Tuesday, July 30, 2013

Choosing a Sustainable Web Archiving Method: A Comparison of Capture Quality

Choosing a Sustainable Web Archiving Method: A Comparison of Capture Quality. Gabriella Gray and Scott Martin. D-Lib Magazine. May/June 2013.

The tool we chose to investigate was the California Digital Library's Web Archiving Service (WAS).
our existing model was becoming unsustainable and we needed to move to a new model if we were to continue capturing and archiving campaign websites. Our reluctance to move away from our existing labor-intensive manual process was rooted in the high quality capture results our method produced. Thus, finding an automated tool that could match, or come close to matching, the quality of our manual captures was the most important element we considered as we evaluated our options.

The Web Archiving Service (WAS), which is based on the Heritrix crawler, is essentially a "What You See Is What You Get" (WYSIWYG) tool. WAS includes various limited options which allow curators to adjust the settings used to capture a particular website, but they cannot edit or modify the final capture results. Ultimately the decision as to whether WAS was a viable alternative to our current method would rest on the quality of the captures (the WYG).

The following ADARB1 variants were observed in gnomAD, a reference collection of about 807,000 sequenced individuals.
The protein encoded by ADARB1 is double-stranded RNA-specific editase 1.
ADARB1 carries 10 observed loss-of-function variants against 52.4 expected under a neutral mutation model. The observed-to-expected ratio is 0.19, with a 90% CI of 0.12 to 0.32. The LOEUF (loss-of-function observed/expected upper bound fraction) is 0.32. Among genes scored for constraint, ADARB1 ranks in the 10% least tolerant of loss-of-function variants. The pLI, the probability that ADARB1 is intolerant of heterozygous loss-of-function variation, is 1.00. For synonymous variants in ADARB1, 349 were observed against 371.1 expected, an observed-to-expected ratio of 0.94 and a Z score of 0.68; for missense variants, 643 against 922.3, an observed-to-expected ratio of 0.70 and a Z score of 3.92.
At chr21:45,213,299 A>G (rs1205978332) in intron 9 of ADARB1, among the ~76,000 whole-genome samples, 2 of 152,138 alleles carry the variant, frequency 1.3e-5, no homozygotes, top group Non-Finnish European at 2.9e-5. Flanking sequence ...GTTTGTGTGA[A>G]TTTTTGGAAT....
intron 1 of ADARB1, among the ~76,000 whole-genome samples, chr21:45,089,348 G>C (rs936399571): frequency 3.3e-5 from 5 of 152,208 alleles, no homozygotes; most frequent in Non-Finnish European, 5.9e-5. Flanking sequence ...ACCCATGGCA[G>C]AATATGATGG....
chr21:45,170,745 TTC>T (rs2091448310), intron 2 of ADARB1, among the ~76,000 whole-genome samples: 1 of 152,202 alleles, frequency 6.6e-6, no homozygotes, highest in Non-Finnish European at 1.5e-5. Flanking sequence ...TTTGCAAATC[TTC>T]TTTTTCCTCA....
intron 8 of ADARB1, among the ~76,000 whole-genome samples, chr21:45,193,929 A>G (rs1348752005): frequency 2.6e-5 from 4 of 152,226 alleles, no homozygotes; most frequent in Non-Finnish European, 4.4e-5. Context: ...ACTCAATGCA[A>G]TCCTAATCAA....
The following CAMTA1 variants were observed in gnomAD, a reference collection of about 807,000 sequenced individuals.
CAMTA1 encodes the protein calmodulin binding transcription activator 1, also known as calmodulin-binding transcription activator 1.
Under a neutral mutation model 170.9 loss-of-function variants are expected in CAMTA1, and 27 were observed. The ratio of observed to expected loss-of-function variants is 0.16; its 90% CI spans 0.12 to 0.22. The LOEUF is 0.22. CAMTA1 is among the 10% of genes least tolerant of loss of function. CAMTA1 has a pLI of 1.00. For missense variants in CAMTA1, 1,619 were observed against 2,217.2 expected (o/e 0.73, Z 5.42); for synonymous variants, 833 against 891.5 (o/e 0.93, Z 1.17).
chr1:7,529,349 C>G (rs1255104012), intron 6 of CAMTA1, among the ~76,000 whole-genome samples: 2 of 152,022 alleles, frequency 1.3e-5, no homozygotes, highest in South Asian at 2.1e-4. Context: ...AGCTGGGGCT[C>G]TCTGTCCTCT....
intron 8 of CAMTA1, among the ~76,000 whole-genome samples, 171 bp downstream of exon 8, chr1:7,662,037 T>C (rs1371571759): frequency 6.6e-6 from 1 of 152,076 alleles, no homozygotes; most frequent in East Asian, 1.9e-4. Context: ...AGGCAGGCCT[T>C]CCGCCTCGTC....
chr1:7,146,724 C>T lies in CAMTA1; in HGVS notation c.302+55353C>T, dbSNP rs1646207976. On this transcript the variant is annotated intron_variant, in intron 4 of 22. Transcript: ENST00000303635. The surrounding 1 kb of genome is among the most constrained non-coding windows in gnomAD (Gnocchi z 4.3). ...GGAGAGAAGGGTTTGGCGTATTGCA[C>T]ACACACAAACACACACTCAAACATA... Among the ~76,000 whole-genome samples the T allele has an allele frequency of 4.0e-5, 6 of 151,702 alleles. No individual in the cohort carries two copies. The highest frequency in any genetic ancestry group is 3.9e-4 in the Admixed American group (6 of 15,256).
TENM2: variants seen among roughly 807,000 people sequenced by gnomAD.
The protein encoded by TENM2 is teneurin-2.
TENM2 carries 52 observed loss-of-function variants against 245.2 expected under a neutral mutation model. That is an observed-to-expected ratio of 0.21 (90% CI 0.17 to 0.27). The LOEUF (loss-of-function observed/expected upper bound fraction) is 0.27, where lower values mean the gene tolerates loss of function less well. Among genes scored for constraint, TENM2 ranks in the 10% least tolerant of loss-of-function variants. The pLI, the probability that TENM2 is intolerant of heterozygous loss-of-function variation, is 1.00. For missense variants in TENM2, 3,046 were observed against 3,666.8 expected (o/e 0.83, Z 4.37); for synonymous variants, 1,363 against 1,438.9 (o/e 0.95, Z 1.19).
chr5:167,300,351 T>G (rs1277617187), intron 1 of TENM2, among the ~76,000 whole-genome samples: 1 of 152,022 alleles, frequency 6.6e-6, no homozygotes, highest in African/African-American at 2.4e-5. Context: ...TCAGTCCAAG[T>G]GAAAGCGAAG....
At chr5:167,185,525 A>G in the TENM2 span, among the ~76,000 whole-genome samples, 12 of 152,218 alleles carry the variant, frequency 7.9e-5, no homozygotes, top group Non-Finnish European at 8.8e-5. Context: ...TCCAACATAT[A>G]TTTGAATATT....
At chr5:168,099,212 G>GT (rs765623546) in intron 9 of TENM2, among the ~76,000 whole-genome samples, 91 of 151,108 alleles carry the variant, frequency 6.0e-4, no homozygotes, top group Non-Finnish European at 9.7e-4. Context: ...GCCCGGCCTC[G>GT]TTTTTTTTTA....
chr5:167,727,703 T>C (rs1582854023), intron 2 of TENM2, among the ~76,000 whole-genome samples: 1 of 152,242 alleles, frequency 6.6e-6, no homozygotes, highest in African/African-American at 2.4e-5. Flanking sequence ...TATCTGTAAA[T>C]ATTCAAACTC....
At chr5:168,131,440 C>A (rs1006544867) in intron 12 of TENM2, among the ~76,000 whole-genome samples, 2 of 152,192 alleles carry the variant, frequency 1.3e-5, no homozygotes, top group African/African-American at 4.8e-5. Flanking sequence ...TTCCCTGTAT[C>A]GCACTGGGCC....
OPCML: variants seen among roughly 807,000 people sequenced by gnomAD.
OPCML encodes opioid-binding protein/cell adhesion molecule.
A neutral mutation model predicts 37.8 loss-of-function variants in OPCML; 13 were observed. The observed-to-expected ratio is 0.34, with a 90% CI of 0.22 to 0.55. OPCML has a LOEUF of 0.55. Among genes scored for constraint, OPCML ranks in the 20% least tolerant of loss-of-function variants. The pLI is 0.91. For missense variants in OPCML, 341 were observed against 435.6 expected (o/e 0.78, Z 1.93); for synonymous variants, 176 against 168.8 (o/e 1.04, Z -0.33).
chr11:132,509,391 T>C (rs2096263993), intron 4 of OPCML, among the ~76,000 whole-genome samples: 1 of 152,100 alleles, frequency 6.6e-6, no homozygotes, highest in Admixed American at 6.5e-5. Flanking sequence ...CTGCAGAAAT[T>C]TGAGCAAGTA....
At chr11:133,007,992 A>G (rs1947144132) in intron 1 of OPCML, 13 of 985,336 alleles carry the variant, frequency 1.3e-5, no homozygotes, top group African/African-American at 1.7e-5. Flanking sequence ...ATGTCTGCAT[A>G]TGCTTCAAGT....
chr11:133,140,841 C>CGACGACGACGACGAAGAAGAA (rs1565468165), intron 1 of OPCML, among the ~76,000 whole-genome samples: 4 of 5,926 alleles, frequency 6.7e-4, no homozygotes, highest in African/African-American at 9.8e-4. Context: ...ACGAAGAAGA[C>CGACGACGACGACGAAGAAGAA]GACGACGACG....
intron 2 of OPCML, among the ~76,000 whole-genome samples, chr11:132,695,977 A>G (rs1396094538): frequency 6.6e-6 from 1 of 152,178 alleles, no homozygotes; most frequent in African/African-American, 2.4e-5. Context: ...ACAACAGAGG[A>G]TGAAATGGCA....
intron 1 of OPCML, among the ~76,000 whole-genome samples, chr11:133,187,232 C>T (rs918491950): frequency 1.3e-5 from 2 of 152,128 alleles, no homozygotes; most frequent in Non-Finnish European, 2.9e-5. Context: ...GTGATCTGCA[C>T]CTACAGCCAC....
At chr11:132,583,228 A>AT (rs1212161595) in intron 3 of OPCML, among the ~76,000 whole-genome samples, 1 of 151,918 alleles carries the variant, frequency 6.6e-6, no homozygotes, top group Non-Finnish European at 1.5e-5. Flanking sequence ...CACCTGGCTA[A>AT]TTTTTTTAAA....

We analyzed the robots.txt files from a preliminary list of 181 websites and discovered the following results:
  • 27 (15%) would have been entirely blocked or resulted in unusable captures. Robots.txt blocked access to whole sites or to key directories required for site navigation.
  • 45 (25%) would experience at least minor capture problems such as loss of CSS files, images, or drop-down menus. Robots.txt blocked access to directories containing ancillary file types such as images, CSS, or JavaScript which provided much of the "look and feel" of the site.
  • 9 (5%) would have unknown effects on the capture. This case was applied to sites with particularly complicated robots.txt files and/or uncommon directory names where it was not clear what files were located in the blocked directories.
  • 100 sites (55%) would have no effect. The robots.txt file was not present, contained no actual blocks, or blocked only specific crawlers.
 The results of our comparison, that the core content gathered by WAS and our manual capture and editing method was overall equivalent, provided the impetus we needed to officially make the decision to transition to WAS for our web archiving needs. As capture tools evolve more attention is being paid to enhancing their quality assurance tools.

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